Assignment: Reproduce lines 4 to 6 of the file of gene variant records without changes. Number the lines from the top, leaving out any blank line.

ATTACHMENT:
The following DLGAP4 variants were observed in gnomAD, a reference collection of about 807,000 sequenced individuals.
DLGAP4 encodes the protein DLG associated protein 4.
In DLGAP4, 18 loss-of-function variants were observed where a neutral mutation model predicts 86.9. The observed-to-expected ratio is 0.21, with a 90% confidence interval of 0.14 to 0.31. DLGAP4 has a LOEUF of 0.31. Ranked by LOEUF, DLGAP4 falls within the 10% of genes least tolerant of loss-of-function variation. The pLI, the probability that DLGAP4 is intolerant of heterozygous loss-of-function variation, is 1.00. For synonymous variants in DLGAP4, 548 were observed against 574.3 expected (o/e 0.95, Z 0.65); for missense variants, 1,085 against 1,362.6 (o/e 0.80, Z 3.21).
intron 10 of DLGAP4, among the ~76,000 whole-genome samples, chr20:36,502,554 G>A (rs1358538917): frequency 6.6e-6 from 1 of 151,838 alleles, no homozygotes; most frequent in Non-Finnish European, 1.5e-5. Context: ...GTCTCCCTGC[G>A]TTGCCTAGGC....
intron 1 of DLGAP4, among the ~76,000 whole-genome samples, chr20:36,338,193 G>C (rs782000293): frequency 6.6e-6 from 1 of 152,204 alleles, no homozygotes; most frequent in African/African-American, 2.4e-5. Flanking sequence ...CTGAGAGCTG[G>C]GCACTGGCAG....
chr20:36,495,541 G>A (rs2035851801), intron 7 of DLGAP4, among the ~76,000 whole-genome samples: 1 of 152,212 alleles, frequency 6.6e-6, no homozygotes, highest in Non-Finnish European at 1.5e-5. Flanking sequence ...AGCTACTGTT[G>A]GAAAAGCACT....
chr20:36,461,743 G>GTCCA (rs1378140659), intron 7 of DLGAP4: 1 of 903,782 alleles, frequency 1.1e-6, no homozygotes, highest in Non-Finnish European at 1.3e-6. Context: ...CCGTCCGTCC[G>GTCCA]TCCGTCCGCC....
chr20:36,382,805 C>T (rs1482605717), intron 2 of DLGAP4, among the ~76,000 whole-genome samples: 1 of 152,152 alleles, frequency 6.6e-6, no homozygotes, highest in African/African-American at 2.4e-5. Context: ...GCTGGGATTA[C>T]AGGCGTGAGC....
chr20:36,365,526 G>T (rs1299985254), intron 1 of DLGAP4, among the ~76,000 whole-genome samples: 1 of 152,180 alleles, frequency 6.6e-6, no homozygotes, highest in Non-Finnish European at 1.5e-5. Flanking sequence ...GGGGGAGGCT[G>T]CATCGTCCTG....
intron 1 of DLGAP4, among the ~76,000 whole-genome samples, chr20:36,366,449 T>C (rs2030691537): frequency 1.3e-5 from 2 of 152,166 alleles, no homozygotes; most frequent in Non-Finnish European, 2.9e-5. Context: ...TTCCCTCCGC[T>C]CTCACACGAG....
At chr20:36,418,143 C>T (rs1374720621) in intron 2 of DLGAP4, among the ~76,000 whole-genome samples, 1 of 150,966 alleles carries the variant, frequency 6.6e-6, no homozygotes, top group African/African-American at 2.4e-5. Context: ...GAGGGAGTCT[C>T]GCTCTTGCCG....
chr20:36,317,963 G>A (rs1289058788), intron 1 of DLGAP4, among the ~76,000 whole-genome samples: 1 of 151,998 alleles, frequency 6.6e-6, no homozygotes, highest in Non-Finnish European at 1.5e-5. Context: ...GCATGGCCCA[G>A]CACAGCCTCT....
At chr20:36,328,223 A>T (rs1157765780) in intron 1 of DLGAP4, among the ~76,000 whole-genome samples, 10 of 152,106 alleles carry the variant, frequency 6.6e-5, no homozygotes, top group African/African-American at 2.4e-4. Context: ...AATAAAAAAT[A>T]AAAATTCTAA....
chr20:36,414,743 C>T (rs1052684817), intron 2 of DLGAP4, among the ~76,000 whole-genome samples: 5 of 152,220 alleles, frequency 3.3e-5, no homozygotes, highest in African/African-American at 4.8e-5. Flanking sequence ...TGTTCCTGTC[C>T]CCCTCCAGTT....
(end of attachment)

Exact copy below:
intron 10 of DLGAP4, among the ~76,000 whole-genome samples, chr20:36,502,554 G>A (rs1358538917): frequency 6.6e-6 from 1 of 151,838 alleles, no homozygotes; most frequent in Non-Finnish European, 1.5e-5. Context: ...GTCTCCCTGC[G>A]TTGCCTAGGC....
intron 1 of DLGAP4, among the ~76,000 whole-genome samples, chr20:36,338,193 G>C (rs782000293): frequency 6.6e-6 from 1 of 152,204 alleles, no homozygotes; most frequent in African/African-American, 2.4e-5. Flanking sequence ...CTGAGAGCTG[G>C]GCACTGGCAG....
chr20:36,495,541 G>A (rs2035851801), intron 7 of DLGAP4, among the ~76,000 whole-genome samples: 1 of 152,212 alleles, frequency 6.6e-6, no homozygotes, highest in Non-Finnish European at 1.5e-5. Flanking sequence ...AGCTACTGTT[G>A]GAAAAGCACT....